Case Against Vacant Slumlord Now In Federal Court

Jun 26, 2015

  A Houston man who was ordered to fix up his derelict city properties by a Maryland judge last year has filed for bankruptcy, leaving the future of dozens of blighted properties up in the air.

Six community associations sued Scott Wizig and the nine Limited Liability Corporations (LLCs) he controls in April 2013 to force him to clean up 49 properties. Baltimore Circuit Judge Pamela Brown ordered Wizig to make the repairs by the end of October last year. But he requested a reconsideration of that order, then his LLCs filed for protection from creditors under Chapter 11 of the federal bankruptcy laws the day before the hearing on that request.

That put state court actions on hold temporarily.

Lawyers for Wizig and the community associations have been working on a settlement and are due to report back to a judge Friday in U.S. District Court in Baltimore.

Linda Johnson, president of the Greater Greenmount Community Association, said she was shocked when she heard about Wizig’s bankruptcy filing.  Her association covers the Barclay and East Baltimore Midway neighborhoods where Wizig or one of his companies owns 15 properties named in the suit.

Demolition has begun on one of the properties in the 1900-block of Boone Street.  But that appears to threaten adjoining houses.  Only the back-half of the house remains and a bathtub sits in open view on the second level. A couple of joists prop up houses on opposite sides of Wizig’s property.

And that worries Lewis Mitchell, whose home is one of the propped up buildings.

“When they take them joists out, our wall will subsequently collapse,” he said, “We’re in danger of the house caving in.”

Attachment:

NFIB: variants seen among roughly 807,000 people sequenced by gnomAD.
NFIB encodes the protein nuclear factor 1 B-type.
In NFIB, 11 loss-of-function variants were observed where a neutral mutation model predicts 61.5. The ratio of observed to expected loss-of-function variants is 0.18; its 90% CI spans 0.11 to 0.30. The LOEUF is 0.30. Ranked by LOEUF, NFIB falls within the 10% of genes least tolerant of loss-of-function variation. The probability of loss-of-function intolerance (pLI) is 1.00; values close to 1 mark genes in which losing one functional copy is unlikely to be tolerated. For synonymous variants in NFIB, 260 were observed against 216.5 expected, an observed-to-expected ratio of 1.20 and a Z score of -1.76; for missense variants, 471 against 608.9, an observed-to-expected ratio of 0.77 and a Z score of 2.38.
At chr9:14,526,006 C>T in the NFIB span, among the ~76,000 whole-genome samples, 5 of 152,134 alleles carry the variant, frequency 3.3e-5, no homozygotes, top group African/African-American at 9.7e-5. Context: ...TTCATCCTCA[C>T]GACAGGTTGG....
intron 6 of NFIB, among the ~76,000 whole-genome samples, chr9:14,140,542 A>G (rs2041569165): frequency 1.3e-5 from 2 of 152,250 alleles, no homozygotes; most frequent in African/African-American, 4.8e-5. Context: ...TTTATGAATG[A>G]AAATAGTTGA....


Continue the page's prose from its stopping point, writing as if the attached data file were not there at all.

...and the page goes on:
Mitchell said Wizig’s house has been a nuisance for ten years and that he offered to buy the property. But he balked at the $30,000 price tag.

The six community associations, with help from the Community Law Center, used a state law called the Community Bill of Rights which allows community associations to sue property owners who do not respond to city repair orders, provided they give 60 days’ notice.

In addition to the Greater Greenmount association, the Mont Claire Community Council, Carrollton Ridge Community Association, Operation Reachout Southwest, the Alliance of Rosemont Community Associations and the Coldstream Homestead Montebello Community Corporation are parties to the suit.

Wizig has been in hot water over housing code violations in the past.  City Paper reported a decade ago that he narrowly avoided jail time in Buffalo in 2000 by pleading guilty to about 200 violations on properties he owned there and paying hundreds of thousands of dollars for repairs.

Around the time he filed for bankruptcy, he was the subject of a Houston Press story.

In an affidavit filed in September, Wizig said he does not run the “day-to-day” affairs of his LLCs and that management companies do the work through multiple employees.

“I did not personally commit, participate in, or inspire any nuisances that may have been caused by the LLCs,” he said.

A phone call to Lawrence Yumkas, Wizig's bankruptcy lawyer based in Columbia, Md., was not returned.